The steak satay was so good that we immediately ordered another plate, and we nearly doubled up on the corn fritters as well. Ahh, the corn fritters. They were delicate, crispy, decadently fried, and yet as light and sweet as fresh corn. I could make an entire meal of just those, no problem. If you feel like maybe you’ve heard of E&O’s corn fritters before, you probably have. They are awesome enough to have been featured on the Food Network, so if you haven’t tried them before you owe it to yourself to seek them out.

Butternut squash dumplings. Who'da thunk it?

Butternut squash dumplings. Who’da thunk it?

The butternut squash dumplings were the biggest surprise for me personally, mostly due to the fact that I didn’t expect to like them. I find the flavor and texture of squash to be off-putting at times, but neither of these traits made an appearance in the dumplings. They were creamy and wonderful, and the red curry lemongrass sauce was jam packed with the delicious flavor of every single Thai dish you’ve ever had. The drunken noodles were the only real let-down, and that’s because they were simply good and not great like everything else on the table. I’ve also been spoiled by the drunken noodles at my favorite Thai place, so E&O’s version just didn’t quite make the grade for me.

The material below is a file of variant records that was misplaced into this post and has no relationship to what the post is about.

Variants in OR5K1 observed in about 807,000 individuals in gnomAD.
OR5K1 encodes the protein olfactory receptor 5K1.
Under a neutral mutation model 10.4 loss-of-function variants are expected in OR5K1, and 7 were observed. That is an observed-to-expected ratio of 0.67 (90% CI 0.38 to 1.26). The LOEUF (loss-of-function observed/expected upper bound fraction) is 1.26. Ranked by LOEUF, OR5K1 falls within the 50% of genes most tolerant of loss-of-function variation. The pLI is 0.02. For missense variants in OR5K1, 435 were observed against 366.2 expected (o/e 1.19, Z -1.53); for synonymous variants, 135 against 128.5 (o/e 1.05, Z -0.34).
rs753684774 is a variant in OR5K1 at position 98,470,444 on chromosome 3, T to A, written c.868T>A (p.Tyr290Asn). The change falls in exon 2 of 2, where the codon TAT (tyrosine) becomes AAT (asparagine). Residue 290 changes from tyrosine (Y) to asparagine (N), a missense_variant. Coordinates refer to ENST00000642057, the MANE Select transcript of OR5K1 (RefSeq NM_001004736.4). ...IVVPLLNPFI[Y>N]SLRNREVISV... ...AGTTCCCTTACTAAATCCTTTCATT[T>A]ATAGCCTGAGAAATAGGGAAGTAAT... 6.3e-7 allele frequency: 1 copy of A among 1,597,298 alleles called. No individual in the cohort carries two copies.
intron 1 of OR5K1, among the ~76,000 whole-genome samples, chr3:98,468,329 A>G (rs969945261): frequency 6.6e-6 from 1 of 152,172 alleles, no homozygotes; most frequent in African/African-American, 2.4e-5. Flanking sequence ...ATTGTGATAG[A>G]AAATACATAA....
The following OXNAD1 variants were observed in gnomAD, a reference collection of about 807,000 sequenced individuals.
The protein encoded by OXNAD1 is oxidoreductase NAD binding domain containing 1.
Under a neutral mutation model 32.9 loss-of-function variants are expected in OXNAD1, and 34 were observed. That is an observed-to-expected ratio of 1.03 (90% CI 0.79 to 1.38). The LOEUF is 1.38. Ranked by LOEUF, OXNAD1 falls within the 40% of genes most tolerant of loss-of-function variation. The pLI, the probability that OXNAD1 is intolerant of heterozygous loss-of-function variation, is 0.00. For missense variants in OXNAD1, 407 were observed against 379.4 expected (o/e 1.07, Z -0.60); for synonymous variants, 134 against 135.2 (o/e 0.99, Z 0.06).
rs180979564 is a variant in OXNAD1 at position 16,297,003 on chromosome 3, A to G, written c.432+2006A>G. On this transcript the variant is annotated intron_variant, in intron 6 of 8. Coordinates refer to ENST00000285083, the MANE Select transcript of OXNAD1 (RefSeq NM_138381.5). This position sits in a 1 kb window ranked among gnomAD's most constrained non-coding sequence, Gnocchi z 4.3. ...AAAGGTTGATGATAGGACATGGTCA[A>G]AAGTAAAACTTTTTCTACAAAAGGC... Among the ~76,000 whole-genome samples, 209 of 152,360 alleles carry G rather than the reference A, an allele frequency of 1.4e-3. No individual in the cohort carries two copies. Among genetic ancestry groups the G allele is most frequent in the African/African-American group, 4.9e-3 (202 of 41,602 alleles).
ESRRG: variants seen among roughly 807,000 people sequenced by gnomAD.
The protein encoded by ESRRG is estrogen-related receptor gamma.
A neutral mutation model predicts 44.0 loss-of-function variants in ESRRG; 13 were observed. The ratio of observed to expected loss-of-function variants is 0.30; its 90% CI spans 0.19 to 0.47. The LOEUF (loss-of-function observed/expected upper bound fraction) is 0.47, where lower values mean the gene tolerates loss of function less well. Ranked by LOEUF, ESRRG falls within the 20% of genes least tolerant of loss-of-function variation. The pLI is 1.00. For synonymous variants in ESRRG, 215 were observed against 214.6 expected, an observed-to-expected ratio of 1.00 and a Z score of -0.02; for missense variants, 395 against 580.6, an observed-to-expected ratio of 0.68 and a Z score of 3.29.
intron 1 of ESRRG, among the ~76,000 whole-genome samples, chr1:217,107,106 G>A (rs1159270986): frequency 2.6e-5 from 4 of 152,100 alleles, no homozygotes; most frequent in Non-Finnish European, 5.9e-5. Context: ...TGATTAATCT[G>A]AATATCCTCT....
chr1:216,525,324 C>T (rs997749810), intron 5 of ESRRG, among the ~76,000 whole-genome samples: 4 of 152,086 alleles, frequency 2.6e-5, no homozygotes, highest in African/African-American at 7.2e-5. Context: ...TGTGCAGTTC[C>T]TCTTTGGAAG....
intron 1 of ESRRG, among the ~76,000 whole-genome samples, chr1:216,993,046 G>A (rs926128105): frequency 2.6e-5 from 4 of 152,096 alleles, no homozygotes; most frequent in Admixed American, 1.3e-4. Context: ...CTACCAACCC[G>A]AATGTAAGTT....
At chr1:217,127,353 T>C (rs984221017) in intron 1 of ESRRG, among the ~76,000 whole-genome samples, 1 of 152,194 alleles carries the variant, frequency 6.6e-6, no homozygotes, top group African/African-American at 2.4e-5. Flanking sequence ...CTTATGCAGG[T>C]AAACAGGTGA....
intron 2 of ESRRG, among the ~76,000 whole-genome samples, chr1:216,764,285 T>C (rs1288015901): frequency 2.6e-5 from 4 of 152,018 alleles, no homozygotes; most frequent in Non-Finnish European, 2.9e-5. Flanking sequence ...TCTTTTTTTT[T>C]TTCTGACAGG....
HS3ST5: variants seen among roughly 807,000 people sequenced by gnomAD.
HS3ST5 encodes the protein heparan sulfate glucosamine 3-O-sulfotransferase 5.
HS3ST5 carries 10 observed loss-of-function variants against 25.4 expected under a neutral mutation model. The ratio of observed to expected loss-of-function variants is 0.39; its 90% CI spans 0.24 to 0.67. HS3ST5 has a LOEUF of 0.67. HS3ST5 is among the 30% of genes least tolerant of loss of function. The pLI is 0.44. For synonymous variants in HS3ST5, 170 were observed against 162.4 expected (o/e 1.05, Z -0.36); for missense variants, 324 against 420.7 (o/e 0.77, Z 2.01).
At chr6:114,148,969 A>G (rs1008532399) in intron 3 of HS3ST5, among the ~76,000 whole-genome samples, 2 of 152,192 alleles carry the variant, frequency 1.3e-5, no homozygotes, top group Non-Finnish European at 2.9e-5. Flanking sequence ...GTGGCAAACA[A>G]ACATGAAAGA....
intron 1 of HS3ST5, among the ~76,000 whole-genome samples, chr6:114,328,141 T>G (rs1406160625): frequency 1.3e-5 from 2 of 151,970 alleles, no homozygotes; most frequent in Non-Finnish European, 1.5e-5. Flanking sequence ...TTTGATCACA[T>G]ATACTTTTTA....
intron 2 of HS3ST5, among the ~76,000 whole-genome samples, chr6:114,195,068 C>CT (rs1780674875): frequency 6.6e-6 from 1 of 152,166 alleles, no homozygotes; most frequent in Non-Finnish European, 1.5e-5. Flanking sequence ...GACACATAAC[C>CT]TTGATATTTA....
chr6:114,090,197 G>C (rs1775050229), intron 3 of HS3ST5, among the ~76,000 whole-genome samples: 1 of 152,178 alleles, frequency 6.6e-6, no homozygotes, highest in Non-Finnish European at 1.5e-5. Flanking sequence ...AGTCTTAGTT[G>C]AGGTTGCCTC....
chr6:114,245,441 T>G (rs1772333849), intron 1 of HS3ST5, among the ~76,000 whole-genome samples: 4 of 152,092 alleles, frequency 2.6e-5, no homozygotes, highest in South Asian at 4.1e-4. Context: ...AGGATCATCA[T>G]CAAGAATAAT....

The drunken noodles were mostly just tipsy.

The drunken noodles were mostly just tipsy.

For dessert we opted for an order of “bananamisu”, devil’s food cake with salted caramel, and spicy ginger cookies. As with the savory dishes, all of the desserts were excellent. The bananamisu, as astute readers might guess, is a banana-based twist on tiramisu. It’s a combination that really works.

Knock knock. Bananamisu. Bananamisu who? Not sure where else to go with this one.

Knock knock. Bananamisu. Bananamisu who? Not sure where else to go with this one.

The well-executed (although predictable) devil’s food cake was delicious, but it was the ginger cookies that got my attention. They were just-so chewy, warm, and intensely gingery. Two of us at the table thought the cookies were tastiest, while the devil’s food cake and bananamisu got one vote each for best dessert. Because I don’t care about opinions that differ from my own, we can conclude that the ginger cookies were indeed the best. One thing that did catch my eye about the bananamisu and devil’s food cake was how similar they looked to one another. They were both dark brown, rectangular bricks of the same size served on the same dish at the same offset. Considering how creatively everything else was plated, this stood out as a bit of a shortcut. There, how’s that for being picky?

COOOOKIIEEEEE  (These are the ginger cookies I mentioned earlier, by the way.)

COOOOKIIEEEEE (These are the ginger cookies I mentioned earlier, by the way.)